Image (above): The First Peoples’ Map of B.C.
By Cicely Belle Blain
The first week of July is one associated with fireworks and feasts for many people in North America. “Canada Day” is a national holiday intended to mark the passing of the Constitution Act in 1867 and thus the creation of what we now call “Canada”. However, from a decolonial lens, it becomes abundantly clear that this is a celebration of colonialism and genocide of Indigenous peoples who have stewarded these lands for thousands of years.
Also this week, many parts of British Columbia have just endured a record-breaking heatwave, and it won’t be our last. Extreme weather conditions are a reminder of the effects of capitalism, colonialism and industrialization on our planet, a monumental contrast to the millennia of ecological harmony curated and enjoyed by Indigenous communities all over the world. As “Canada Day” rolls around again, the celebrations are nothing more than an ignorant dismissal of the violence experienced by Indigenous people and also environmental devastation caused by colonial powers.
The sanctity of land is a value that remains steadfast in many Indigenous communities. A reverence for the land, nature, wildlife and waters and a deep understanding of gentle human interaction with them perseveres in contrast to colonial realities.
The First Peoples’ Cultural Council (FPCC) has launched the First Peoples’ Map, the first interactive map in Canada featuring information about the diverse and living Indigenous languages, arts, and rich cultures in B.C. The tool helps non-Indigenous people better understand and appreciate Indigenous perspectives as one small step towards reconciliation, and for Indigenous people, it's an important celebration and powerful way to share their rich knowledge.
Hannah Mashon is a mixed-race Cree woman from Saddle Lake Cree Nation and the FPCC’s Communications Officer. Mashon described the map as a user-friendly tool that educators, business owners, civil servants and tourists alike can use to situate themselves in their work and travels across the province. Beyond offering a land acknowledgement, as many do when they begin an event or meeting, map users can learn about local artists and even learn how to say a greeting in a living Indigenous language.
Local artists can upload their own content to the platform. “It's a great way to celebrate them and put them on the map. We honour their work and everything they do to revitalize languages, arts and cultures in B.C.,” says Mashon.
For allies looking to support Indigenous communities tangibly, the map is the perfect resource. Allyship can become performative when non-Indigenous people view Indigenous communities as people in need of help or saving; the map is Indigenous-led and curated, empowering the communities included on the platform to tell their own stories.
“The fact that the map was created by Indigenous people, and it's for Indigenous people; it's a place where they feel like their information, and their data is safe and that they are the ones that are adding the information. This is something that they can feel really proud of.”
While the map is an online tool, it is still deeply grounded in connecting to the land. “It showcases that languages are so tied to the land, and same with arts and culture, everything is very land-based,” Mashon explains.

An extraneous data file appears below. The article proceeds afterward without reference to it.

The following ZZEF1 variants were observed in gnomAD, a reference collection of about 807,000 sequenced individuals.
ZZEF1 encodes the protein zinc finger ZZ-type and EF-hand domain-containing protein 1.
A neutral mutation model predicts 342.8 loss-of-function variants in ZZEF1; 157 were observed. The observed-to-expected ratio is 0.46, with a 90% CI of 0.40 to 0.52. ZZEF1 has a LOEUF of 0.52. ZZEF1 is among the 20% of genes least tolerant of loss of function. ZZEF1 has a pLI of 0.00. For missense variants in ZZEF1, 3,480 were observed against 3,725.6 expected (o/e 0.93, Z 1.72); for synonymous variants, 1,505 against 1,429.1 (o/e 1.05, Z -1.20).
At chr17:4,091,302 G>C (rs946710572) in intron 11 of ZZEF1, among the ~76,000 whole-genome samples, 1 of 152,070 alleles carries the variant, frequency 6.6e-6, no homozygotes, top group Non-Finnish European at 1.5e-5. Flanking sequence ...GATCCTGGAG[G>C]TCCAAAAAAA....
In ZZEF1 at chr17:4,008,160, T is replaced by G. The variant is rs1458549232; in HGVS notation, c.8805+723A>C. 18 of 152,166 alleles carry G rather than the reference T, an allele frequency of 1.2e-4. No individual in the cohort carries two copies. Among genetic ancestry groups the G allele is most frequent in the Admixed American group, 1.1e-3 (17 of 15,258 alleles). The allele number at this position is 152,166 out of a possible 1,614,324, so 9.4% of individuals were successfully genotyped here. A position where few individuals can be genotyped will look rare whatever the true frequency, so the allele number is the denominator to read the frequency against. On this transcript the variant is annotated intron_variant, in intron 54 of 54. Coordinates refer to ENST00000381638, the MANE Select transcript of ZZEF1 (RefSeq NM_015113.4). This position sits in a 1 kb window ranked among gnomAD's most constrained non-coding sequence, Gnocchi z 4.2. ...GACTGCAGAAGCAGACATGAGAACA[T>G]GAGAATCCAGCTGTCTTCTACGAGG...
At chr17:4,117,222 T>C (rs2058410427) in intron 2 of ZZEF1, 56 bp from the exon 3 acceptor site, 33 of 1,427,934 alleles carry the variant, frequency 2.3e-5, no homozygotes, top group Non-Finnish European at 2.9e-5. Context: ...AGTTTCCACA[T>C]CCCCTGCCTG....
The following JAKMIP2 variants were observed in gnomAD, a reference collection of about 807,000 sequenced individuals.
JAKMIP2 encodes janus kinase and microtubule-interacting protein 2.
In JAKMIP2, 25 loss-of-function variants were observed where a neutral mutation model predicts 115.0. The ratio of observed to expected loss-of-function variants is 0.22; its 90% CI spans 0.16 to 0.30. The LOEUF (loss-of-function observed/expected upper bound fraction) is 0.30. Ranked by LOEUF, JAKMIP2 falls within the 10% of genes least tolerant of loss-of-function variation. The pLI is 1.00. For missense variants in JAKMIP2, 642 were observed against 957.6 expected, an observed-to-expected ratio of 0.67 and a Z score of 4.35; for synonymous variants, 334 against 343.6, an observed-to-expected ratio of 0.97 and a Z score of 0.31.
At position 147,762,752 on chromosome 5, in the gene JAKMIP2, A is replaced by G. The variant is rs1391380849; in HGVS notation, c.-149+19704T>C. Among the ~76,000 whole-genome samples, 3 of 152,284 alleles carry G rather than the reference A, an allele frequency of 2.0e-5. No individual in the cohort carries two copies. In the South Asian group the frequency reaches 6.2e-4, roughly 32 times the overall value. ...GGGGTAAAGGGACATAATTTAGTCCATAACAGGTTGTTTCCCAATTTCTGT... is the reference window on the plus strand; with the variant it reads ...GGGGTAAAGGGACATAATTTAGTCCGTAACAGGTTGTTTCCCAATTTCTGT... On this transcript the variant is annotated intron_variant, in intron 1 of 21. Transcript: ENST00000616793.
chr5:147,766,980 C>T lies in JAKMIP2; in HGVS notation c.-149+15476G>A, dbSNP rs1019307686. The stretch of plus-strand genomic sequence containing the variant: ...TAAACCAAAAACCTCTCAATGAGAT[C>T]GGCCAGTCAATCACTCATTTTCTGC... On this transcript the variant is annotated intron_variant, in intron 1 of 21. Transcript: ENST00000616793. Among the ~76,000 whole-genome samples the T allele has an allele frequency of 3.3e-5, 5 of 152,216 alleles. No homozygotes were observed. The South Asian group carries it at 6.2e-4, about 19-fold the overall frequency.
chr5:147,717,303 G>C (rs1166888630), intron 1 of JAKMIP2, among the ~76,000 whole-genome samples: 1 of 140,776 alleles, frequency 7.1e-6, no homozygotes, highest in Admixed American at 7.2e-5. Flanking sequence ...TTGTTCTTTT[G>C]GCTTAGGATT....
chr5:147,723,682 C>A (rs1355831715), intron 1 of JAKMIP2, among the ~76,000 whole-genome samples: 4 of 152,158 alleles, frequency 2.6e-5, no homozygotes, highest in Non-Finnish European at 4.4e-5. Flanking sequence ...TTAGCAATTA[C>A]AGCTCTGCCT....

One of the devastating impacts of colonialism is the loss of traditional languages; in many communities, there are only a handful of fluent speakers remaining. Many of the organizations listed on FPCC’s First People’s Map of B.C. run language revitalization programs that focus on cross-generational collaboration and learning. The Hesquiaht Language Program, for example, aims to keep alive the Nuu-chah-nulth language, currently spoken by less than 1% of their community.
While the map is still new and growing, it has all 204 First Nations communities and language regions documented and is already being used by various organizations across the province.
“We've had BC Wildfires [use the map]; they were really interested in the cultural heritage layer of the map because if they're going into communities, they want to be aware of any sites of cultural significance that are not visible on mainstream maps. If they're bringing in heavy machinery, they wouldn't want to damage the land; it could be a particular area for harvesting medicine,” Mashon explains.
For allies continuing to reflect on their relationship with the land as uninvited guests, the First Peoples’ Map of B.C. is a great place to pay genuine respect to Indigenous artists, organizers, Elders and land defenders by investing in their work, donating to Indigenous-led non-profits and learning a few words in a local language. As we reflect on the calls to #CancelCanadaDay, we can refocus our energy from fireworks and red-and-white flags to forming meaningful relationships with Indigenous communities.
Huy ch q’u!
(I live on the unceded territory of the Hul’q’umi’num’ speaking people in “Burnaby” and thus learned how to say “thank you” in Hul’q’umi’num’.)
Editorial Director (they/them)
Cicely Belle is a Black, queer writer, activist and anti-racism consultant originally from London, UK. They are the founder and CEO of Bakau Consulting, a social justice informed equity and inclusion consulting company based in Vancouver, BC where they work with clients across six continents to enhance compassion, respect and a commitment to anti-oppression in a diversity of industries.
As a founder and former organizer of Black Lives Matter Vancouver, Cicely Belle is passionate about liberation work, systems change and radical empathy for a better world. In 2018 and 2020, they were listed as one of Vancouver’s 50 most powerful people and in 2019, as one of BC Business’s 30under30. They are the author of Burning Sugar and an instructor of Executive Leadership at Simon Fraser University.